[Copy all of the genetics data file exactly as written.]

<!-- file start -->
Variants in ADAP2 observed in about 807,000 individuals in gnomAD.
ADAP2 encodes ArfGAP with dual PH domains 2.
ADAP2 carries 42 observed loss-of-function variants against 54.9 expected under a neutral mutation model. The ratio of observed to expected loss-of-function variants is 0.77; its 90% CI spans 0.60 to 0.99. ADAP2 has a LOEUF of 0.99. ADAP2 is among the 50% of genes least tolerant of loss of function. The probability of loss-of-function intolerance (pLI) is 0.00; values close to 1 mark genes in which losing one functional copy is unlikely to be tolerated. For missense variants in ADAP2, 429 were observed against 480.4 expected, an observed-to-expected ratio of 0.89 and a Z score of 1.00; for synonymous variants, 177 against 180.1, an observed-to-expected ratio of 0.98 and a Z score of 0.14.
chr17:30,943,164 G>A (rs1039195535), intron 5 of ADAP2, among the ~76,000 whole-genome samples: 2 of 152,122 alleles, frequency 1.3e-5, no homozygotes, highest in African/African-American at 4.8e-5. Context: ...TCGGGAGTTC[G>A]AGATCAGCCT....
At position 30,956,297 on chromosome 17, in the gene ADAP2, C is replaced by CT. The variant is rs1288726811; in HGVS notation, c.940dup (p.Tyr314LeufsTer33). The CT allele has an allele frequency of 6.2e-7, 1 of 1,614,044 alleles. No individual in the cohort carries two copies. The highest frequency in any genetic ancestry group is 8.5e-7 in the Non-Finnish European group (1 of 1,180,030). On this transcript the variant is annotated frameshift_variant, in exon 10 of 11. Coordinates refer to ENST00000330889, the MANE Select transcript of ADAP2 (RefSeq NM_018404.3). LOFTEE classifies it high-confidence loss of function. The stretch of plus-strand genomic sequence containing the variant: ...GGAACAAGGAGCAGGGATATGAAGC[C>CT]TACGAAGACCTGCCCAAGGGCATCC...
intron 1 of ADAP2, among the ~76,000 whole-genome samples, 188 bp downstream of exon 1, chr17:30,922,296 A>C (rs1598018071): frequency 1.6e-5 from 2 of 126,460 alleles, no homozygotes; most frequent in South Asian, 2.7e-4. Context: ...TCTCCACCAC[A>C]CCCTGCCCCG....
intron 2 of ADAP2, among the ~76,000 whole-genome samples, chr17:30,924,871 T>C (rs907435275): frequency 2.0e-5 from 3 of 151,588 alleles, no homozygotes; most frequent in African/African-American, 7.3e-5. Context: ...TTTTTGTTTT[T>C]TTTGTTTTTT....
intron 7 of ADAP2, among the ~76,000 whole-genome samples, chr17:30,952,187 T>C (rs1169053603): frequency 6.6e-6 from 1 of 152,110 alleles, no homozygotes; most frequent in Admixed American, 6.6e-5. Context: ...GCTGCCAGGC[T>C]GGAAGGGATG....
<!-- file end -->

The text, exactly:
Variants in ADAP2 observed in about 807,000 individuals in gnomAD.
ADAP2 encodes ArfGAP with dual PH domains 2.
ADAP2 carries 42 observed loss-of-function variants against 54.9 expected under a neutral mutation model. The ratio of observed to expected loss-of-function variants is 0.77; its 90% CI spans 0.60 to 0.99. ADAP2 has a LOEUF of 0.99. ADAP2 is among the 50% of genes least tolerant of loss of function. The probability of loss-of-function intolerance (pLI) is 0.00; values close to 1 mark genes in which losing one functional copy is unlikely to be tolerated. For missense variants in ADAP2, 429 were observed against 480.4 expected, an observed-to-expected ratio of 0.89 and a Z score of 1.00; for synonymous variants, 177 against 180.1, an observed-to-expected ratio of 0.98 and a Z score of 0.14.
chr17:30,943,164 G>A (rs1039195535), intron 5 of ADAP2, among the ~76,000 whole-genome samples: 2 of 152,122 alleles, frequency 1.3e-5, no homozygotes, highest in African/African-American at 4.8e-5. Context: ...TCGGGAGTTC[G>A]AGATCAGCCT....
At position 30,956,297 on chromosome 17, in the gene ADAP2, C is replaced by CT. The variant is rs1288726811; in HGVS notation, c.940dup (p.Tyr314LeufsTer33). The CT allele has an allele frequency of 6.2e-7, 1 of 1,614,044 alleles. No individual in the cohort carries two copies. The highest frequency in any genetic ancestry group is 8.5e-7 in the Non-Finnish European group (1 of 1,180,030). On this transcript the variant is annotated frameshift_variant, in exon 10 of 11. Coordinates refer to ENST00000330889, the MANE Select transcript of ADAP2 (RefSeq NM_018404.3). LOFTEE classifies it high-confidence loss of function. The stretch of plus-strand genomic sequence containing the variant: ...GGAACAAGGAGCAGGGATATGAAGC[C>CT]TACGAAGACCTGCCCAAGGGCATCC...
intron 1 of ADAP2, among the ~76,000 whole-genome samples, 188 bp downstream of exon 1, chr17:30,922,296 A>C (rs1598018071): frequency 1.6e-5 from 2 of 126,460 alleles, no homozygotes; most frequent in South Asian, 2.7e-4. Context: ...TCTCCACCAC[A>C]CCCTGCCCCG....
intron 2 of ADAP2, among the ~76,000 whole-genome samples, chr17:30,924,871 T>C (rs907435275): frequency 2.0e-5 from 3 of 151,588 alleles, no homozygotes; most frequent in African/African-American, 7.3e-5. Context: ...TTTTTGTTTT[T>C]TTTGTTTTTT....
intron 7 of ADAP2, among the ~76,000 whole-genome samples, chr17:30,952,187 T>C (rs1169053603): frequency 6.6e-6 from 1 of 152,110 alleles, no homozygotes; most frequent in Admixed American, 6.6e-5. Context: ...GCTGCCAGGC[T>C]GGAAGGGATG....